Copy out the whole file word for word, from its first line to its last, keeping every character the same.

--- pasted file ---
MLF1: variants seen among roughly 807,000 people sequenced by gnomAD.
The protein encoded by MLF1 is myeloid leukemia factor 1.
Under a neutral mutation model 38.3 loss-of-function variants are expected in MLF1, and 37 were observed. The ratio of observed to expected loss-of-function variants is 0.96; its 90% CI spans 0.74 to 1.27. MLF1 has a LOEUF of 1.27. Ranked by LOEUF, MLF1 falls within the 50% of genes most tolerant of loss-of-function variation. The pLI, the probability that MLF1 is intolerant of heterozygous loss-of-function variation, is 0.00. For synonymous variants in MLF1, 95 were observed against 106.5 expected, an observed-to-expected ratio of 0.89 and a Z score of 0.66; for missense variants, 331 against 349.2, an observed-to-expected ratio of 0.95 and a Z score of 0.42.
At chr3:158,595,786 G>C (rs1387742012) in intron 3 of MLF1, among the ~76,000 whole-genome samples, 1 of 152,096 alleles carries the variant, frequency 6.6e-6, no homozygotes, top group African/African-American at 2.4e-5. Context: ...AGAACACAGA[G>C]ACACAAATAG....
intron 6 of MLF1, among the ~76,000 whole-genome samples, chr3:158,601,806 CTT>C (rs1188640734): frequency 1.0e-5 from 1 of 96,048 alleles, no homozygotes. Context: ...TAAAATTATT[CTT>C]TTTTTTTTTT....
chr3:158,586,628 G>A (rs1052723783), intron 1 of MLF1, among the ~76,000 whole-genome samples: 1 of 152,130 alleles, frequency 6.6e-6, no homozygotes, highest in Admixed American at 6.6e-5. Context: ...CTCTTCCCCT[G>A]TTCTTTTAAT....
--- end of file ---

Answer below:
MLF1: variants seen among roughly 807,000 people sequenced by gnomAD.
The protein encoded by MLF1 is myeloid leukemia factor 1.
Under a neutral mutation model 38.3 loss-of-function variants are expected in MLF1, and 37 were observed. The ratio of observed to expected loss-of-function variants is 0.96; its 90% CI spans 0.74 to 1.27. MLF1 has a LOEUF of 1.27. Ranked by LOEUF, MLF1 falls within the 50% of genes most tolerant of loss-of-function variation. The pLI, the probability that MLF1 is intolerant of heterozygous loss-of-function variation, is 0.00. For synonymous variants in MLF1, 95 were observed against 106.5 expected, an observed-to-expected ratio of 0.89 and a Z score of 0.66; for missense variants, 331 against 349.2, an observed-to-expected ratio of 0.95 and a Z score of 0.42.
At chr3:158,595,786 G>C (rs1387742012) in intron 3 of MLF1, among the ~76,000 whole-genome samples, 1 of 152,096 alleles carries the variant, frequency 6.6e-6, no homozygotes, top group African/African-American at 2.4e-5. Context: ...AGAACACAGA[G>C]ACACAAATAG....
intron 6 of MLF1, among the ~76,000 whole-genome samples, chr3:158,601,806 CTT>C (rs1188640734): frequency 1.0e-5 from 1 of 96,048 alleles, no homozygotes. Context: ...TAAAATTATT[CTT>C]TTTTTTTTTT....
chr3:158,586,628 G>A (rs1052723783), intron 1 of MLF1, among the ~76,000 whole-genome samples: 1 of 152,130 alleles, frequency 6.6e-6, no homozygotes, highest in Admixed American at 6.6e-5. Context: ...CTCTTCCCCT[G>A]TTCTTTTAAT....